Shakira, J.Lo spice up Super Bowl halftime show

On Feb. 2, the Kansas City Chiefs beat the San Francisco 49ers in the Super Bowl LIV at the Hard Rock Stadium in Miami Gardens, Florida. The halftime show featured Shakira and Jennifer Lopez, and students shared their reactions to the performance.

Shakira opened the performance with “She Wolf.” She showed off her dance moves while performing “Whenever, Wherever,” a cover of Cardi B’s hit “I Like It” with Bad Bunny and concluded with her signature song “Hips Don’t Lie.”

The show then transitioned to Lopez, who kicked it off with “Jenny from the Block.” She also did some pole work and included her songs “Waiting for Tonight,” “Love Don’t Cost a Thing” and “On the Floor.”

Photo via YouTube/NFL
Many students said they were amazed at Shakira and Jennifer Lopez’s ability to dance and move so well despite their age.

Lopez brought out J Balvin to perform his hit song “Mi Gente.” Lopez’s 11-year-old daughter, Emme, also made a special appearance with a chorus of girls, singing “Let’s Get Loud,” to which Shakira accompanied by playing the drums.

Andi-Kaye Walters, a junior biology major, said she was very impressed by Shakira.

“She made good use of her stage; the performance was very engaging and everyone who was in the audience seemed to have really enjoyed themselves,” she said.

Walters also noticed that many clips of the performance found its way onto Twitter.

“On Twitter, there was a meme where they included her doing the ‘tongue thing,’” Walters said.

Many recognized Shakira’s ululation as a common expression made by women in the Middle East and North Africa to express joy or strong emotion.

According to Time.com, Shakira and Lopez were the first Latin artists to co-headline America’s mostwatched annual event and the first pair of females to share the stage.

“I think that that’s really great in that they’re getting a more diverse set of performers to come and highlight what would be considered one of the most popular nights for Americans,” Walters said. “We’ve always had people like Beyonce or other white people. But we don’t have that many Asian or Latino performers that come. It’s nice to have different cultures come together to highlight something that’s important for Americans.”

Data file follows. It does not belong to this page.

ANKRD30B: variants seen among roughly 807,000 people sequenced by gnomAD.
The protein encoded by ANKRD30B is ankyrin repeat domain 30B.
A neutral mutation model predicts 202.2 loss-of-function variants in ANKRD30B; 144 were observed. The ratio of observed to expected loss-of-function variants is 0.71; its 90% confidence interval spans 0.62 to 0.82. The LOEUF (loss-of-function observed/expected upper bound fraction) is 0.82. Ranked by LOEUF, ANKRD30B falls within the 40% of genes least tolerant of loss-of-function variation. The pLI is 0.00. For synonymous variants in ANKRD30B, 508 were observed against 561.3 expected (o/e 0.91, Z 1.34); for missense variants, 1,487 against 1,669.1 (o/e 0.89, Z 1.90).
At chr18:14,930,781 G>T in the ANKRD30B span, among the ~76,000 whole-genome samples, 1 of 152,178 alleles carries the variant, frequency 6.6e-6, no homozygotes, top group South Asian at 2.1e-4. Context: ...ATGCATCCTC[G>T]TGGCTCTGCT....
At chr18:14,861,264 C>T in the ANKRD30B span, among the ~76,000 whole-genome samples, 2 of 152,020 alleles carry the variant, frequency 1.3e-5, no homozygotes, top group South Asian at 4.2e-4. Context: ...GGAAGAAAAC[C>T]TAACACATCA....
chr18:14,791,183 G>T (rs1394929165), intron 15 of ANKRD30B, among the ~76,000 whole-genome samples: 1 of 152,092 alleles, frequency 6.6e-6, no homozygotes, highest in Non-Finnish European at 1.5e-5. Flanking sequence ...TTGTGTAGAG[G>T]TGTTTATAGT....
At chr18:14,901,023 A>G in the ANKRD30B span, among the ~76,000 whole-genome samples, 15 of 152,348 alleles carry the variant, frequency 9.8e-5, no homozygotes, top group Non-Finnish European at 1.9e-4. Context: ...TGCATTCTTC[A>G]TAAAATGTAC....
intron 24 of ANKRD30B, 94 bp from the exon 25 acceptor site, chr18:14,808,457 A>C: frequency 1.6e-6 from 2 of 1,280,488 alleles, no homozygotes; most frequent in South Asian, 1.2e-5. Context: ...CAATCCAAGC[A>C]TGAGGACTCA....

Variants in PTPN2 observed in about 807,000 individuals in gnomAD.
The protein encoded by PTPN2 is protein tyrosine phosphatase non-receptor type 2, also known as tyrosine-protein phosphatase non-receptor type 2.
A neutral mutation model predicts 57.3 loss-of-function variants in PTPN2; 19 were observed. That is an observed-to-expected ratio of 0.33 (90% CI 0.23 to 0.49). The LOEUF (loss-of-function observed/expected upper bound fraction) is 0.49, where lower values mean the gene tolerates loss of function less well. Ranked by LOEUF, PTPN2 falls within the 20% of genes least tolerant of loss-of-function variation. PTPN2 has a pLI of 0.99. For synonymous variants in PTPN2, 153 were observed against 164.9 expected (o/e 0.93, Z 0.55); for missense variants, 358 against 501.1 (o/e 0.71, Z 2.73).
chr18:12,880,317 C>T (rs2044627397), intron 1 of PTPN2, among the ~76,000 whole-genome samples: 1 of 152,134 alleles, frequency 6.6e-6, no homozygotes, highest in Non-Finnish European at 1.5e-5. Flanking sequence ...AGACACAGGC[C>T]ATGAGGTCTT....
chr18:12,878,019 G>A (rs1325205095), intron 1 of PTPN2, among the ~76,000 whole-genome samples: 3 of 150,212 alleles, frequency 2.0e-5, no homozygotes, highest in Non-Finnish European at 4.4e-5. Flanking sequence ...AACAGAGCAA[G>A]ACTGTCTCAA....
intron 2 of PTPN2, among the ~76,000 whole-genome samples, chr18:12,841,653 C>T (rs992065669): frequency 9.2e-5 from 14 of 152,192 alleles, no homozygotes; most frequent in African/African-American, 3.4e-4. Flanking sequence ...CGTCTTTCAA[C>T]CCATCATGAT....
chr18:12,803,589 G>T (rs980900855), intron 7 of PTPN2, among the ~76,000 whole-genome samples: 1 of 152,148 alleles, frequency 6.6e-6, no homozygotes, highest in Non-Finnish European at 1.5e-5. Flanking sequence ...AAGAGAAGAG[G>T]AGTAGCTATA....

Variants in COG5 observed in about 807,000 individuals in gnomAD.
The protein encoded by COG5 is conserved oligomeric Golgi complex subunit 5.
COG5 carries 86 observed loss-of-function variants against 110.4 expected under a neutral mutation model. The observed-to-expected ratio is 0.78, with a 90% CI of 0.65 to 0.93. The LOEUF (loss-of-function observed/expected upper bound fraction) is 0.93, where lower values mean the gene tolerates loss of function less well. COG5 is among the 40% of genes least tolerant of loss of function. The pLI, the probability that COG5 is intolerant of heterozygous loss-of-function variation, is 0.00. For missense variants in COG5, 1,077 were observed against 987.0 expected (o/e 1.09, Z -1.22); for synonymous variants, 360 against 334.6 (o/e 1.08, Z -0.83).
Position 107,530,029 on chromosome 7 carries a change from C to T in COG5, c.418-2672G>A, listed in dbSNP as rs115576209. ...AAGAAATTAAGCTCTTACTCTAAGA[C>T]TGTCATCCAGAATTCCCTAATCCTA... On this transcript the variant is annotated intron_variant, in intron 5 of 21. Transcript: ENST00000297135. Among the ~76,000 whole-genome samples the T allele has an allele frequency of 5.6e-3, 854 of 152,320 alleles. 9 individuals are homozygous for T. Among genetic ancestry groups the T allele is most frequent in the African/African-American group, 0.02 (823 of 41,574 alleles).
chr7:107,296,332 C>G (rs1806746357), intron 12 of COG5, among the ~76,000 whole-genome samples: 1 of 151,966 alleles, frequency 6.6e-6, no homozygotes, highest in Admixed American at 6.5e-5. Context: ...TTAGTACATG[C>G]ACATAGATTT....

Ishani Sachdeva, a junior economics major, said, “I think it’s great because considering how diversity and inclusion is the topic of the hour, they are representing and achieving such a big step at such a big platform.”

She added, “Not only are they representing LatinX, they’re also representing young, strong women with perfect bodies. And that women can achieve whatever they want to achieve.”

Many students shared similar amazement at both stars’ ability to dance and move so well despite their age.

“I’m jealous of both of them. How do they have such great bodies at 43 and 50?” Sachdeva said.

“I was so impressed that they were so old, but they still have the energy to dance and make those movements,” Rachel Yip, a senior criminal justice major, said. “I think that they can probably show people that even though they’re old, they can still do a lot. They probably trained really hard and controlled their diet.”

Kristel Domingo can be reached at kristel.domingo@student.shu.edu.

Author: Kristel Domingo

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